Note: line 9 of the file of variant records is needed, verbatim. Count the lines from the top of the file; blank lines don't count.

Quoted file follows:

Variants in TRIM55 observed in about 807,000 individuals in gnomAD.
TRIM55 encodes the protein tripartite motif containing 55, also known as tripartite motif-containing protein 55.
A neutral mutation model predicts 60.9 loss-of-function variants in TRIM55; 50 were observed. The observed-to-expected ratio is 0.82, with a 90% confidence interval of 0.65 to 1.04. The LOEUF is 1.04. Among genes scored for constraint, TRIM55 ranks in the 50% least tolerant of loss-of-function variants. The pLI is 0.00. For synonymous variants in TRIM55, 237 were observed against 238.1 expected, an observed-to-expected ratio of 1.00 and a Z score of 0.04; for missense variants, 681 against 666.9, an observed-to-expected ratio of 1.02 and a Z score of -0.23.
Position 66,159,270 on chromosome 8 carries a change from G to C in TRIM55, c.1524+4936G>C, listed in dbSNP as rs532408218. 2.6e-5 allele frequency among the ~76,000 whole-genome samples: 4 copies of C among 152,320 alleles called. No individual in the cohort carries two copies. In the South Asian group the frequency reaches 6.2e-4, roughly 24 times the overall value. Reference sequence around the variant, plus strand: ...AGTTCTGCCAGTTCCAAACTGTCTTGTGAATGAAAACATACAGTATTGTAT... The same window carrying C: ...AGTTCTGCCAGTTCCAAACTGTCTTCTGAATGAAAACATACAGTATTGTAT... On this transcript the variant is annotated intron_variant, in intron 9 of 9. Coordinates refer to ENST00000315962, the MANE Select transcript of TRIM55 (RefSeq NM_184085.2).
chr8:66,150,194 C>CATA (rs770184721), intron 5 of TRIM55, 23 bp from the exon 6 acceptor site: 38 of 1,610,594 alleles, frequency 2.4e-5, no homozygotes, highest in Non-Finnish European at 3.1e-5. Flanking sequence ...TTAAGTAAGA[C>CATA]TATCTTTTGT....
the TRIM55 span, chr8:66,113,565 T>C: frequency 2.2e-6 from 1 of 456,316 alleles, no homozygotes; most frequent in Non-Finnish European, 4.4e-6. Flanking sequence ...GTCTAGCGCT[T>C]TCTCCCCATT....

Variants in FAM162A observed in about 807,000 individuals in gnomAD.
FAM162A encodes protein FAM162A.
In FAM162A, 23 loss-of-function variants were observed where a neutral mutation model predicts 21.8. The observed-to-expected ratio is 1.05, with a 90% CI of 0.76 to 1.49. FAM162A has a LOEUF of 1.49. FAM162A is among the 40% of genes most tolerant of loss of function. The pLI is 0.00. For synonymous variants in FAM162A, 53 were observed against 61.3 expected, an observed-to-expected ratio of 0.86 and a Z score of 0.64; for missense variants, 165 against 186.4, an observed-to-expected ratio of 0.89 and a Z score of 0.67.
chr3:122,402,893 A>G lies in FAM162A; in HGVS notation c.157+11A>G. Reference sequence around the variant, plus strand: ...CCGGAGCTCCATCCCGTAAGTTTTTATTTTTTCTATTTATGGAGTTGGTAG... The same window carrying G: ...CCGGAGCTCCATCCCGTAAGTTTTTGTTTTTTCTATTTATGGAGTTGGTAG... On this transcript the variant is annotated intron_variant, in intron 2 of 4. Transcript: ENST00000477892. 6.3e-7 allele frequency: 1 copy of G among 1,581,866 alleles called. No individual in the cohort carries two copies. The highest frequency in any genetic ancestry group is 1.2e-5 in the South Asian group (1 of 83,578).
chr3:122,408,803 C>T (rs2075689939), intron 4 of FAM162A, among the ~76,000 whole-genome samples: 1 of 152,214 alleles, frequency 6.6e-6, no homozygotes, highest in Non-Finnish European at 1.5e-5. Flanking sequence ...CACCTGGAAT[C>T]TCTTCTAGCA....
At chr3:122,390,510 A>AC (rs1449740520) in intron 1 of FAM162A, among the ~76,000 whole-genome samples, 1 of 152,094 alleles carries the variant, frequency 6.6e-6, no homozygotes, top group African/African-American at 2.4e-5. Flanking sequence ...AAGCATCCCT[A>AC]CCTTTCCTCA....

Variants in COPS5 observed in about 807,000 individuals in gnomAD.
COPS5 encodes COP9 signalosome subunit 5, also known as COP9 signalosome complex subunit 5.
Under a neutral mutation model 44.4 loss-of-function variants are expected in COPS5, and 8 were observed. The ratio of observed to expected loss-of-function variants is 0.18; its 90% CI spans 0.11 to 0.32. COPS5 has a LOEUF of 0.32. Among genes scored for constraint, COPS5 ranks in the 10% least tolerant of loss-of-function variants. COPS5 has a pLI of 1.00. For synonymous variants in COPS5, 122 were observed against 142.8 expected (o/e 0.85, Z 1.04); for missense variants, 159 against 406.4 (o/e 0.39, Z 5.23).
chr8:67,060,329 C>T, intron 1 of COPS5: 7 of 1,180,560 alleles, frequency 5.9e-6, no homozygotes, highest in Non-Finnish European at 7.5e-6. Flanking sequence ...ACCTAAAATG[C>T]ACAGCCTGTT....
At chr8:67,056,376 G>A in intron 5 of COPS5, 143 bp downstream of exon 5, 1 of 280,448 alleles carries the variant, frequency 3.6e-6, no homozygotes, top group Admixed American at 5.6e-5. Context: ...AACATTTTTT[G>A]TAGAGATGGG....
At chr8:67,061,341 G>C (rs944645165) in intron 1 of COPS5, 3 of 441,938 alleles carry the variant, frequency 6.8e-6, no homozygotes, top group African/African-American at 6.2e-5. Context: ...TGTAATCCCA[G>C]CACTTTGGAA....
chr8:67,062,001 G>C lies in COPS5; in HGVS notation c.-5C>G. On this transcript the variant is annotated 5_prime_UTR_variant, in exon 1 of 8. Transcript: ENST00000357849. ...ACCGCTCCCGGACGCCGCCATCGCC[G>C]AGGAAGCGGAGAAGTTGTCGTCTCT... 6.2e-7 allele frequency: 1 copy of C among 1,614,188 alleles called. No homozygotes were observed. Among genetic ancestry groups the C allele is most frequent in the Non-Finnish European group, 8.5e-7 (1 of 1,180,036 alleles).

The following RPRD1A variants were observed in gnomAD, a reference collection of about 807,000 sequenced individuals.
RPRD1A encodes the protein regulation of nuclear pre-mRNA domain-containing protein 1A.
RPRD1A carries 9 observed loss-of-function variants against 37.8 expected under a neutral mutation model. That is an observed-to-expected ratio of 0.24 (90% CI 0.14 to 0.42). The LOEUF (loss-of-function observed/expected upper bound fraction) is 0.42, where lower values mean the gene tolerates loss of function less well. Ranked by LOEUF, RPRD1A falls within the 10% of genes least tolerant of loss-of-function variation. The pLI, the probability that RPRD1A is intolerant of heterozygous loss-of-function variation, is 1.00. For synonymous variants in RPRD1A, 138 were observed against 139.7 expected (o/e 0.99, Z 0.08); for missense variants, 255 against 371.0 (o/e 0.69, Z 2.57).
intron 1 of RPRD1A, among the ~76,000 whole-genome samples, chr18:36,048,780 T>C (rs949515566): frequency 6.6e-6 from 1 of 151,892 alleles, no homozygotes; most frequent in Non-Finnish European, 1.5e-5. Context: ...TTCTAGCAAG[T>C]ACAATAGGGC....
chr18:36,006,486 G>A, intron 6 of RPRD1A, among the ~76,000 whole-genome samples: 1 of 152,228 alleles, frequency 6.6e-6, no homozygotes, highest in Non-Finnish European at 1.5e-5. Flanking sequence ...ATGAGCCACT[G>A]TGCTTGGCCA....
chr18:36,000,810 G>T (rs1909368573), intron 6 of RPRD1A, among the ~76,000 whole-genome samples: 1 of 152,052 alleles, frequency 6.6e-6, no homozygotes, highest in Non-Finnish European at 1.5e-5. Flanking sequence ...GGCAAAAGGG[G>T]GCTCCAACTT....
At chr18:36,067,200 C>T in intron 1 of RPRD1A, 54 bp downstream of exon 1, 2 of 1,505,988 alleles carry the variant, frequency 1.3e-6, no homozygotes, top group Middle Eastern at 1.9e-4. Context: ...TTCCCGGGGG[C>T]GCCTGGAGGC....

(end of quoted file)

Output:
In FAM162A, 23 loss-of-function variants were observed where a neutral mutation model predicts 21.8. The observed-to-expected ratio is 1.05, with a 90% CI of 0.76 to 1.49. FAM162A has a LOEUF of 1.49. FAM162A is among the 40% of genes most tolerant of loss of function. The pLI is 0.00. For synonymous variants in FAM162A, 53 were observed against 61.3 expected, an observed-to-expected ratio of 0.86 and a Z score of 0.64; for missense variants, 165 against 186.4, an observed-to-expected ratio of 0.89 and a Z score of 0.67.